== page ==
Writing is a long summer of sipping soft clouds of words through a straw, riding a bicycle with your best friend, climbing up to your secret tree house, lighting a candle with matches you’re not supposed to have, playing paper-rock-scissors as water glimmers on the lake of your mind and you peer into this solemn place where two children tiptoe onto a pond of ink, skip across an old wooden bridge over a deep wash of river and you are anxious white for them, but they forget danger like a mouthful of cotton candy and a carnival of memories, memories being the alphabet desiring the open field of dry paper, thousands of letters escaping in a marching line traveling across white plains to meet the two children who can walk backwards to catch a fish or a train or even fly, but not at the same time and often enough, they just wait alone at a bus stop on a crowded corner in a noisy city or take two steps back to the witch’s palace without stepping on a crack, but eventually, they run away to be with you in your small room, where you sit in your chair, at a wood table, the thin paper fluttering in a breeze slipping in from the open window, the pen poised in your hand, your fingertips resting on the page, remembering the long journey of two children when a door opens inside your mind and you finally make a single mark, then another and another. And another.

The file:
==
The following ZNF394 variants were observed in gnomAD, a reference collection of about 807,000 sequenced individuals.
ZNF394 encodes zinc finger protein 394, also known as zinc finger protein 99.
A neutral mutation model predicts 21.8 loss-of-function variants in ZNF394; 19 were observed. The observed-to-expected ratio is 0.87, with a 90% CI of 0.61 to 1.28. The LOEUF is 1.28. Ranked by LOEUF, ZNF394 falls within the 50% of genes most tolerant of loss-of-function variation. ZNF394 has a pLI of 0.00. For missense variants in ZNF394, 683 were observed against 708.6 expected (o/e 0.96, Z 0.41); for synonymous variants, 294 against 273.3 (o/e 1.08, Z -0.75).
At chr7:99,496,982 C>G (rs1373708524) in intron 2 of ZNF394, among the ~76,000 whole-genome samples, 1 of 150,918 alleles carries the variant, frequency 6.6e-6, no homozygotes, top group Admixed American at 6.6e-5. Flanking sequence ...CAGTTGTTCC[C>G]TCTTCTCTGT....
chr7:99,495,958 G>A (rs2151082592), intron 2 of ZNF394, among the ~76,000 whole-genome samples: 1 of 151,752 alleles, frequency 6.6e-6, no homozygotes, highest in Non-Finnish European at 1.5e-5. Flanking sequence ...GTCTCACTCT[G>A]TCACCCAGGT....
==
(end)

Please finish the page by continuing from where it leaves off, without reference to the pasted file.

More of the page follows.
It all adds up.